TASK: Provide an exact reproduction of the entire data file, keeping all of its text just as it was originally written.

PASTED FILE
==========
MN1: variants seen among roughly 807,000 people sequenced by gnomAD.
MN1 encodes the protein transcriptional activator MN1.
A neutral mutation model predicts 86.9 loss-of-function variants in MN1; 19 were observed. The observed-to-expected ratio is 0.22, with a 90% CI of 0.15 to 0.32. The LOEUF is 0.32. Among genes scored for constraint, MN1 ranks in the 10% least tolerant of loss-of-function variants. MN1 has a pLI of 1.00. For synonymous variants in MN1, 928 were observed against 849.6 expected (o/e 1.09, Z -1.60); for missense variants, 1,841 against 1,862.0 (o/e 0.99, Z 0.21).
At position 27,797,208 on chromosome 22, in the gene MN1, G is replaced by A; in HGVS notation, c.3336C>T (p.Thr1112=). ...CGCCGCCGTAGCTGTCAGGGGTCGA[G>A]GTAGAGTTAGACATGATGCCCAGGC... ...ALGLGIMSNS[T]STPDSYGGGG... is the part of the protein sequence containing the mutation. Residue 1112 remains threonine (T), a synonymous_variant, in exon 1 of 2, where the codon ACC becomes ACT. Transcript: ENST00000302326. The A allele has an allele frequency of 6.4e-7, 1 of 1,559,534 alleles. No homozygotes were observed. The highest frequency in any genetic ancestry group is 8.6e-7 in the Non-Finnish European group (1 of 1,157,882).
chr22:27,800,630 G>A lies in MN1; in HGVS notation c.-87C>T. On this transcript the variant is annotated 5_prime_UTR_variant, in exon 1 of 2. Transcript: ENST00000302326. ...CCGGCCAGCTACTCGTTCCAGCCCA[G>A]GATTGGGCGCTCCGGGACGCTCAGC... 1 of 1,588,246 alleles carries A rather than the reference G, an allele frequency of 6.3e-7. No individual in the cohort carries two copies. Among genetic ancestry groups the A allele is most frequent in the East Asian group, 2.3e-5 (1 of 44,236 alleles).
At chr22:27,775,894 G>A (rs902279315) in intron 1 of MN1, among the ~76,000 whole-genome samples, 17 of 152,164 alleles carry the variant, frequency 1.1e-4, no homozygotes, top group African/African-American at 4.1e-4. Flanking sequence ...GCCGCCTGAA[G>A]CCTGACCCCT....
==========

MN1: variants seen among roughly 807,000 people sequenced by gnomAD.
MN1 encodes the protein transcriptional activator MN1.
A neutral mutation model predicts 86.9 loss-of-function variants in MN1; 19 were observed. The observed-to-expected ratio is 0.22, with a 90% CI of 0.15 to 0.32. The LOEUF is 0.32. Among genes scored for constraint, MN1 ranks in the 10% least tolerant of loss-of-function variants. MN1 has a pLI of 1.00. For synonymous variants in MN1, 928 were observed against 849.6 expected (o/e 1.09, Z -1.60); for missense variants, 1,841 against 1,862.0 (o/e 0.99, Z 0.21).
At position 27,797,208 on chromosome 22, in the gene MN1, G is replaced by A; in HGVS notation, c.3336C>T (p.Thr1112=). ...CGCCGCCGTAGCTGTCAGGGGTCGA[G>A]GTAGAGTTAGACATGATGCCCAGGC... ...ALGLGIMSNS[T]STPDSYGGGG... is the part of the protein sequence containing the mutation. Residue 1112 remains threonine (T), a synonymous_variant, in exon 1 of 2, where the codon ACC becomes ACT. Transcript: ENST00000302326. The A allele has an allele frequency of 6.4e-7, 1 of 1,559,534 alleles. No homozygotes were observed. The highest frequency in any genetic ancestry group is 8.6e-7 in the Non-Finnish European group (1 of 1,157,882).
chr22:27,800,630 G>A lies in MN1; in HGVS notation c.-87C>T. On this transcript the variant is annotated 5_prime_UTR_variant, in exon 1 of 2. Transcript: ENST00000302326. ...CCGGCCAGCTACTCGTTCCAGCCCA[G>A]GATTGGGCGCTCCGGGACGCTCAGC... 1 of 1,588,246 alleles carries A rather than the reference G, an allele frequency of 6.3e-7. No individual in the cohort carries two copies. Among genetic ancestry groups the A allele is most frequent in the East Asian group, 2.3e-5 (1 of 44,236 alleles).
At chr22:27,775,894 G>A (rs902279315) in intron 1 of MN1, among the ~76,000 whole-genome samples, 17 of 152,164 alleles carry the variant, frequency 1.1e-4, no homozygotes, top group African/African-American at 4.1e-4. Flanking sequence ...GCCGCCTGAA[G>A]CCTGACCCCT....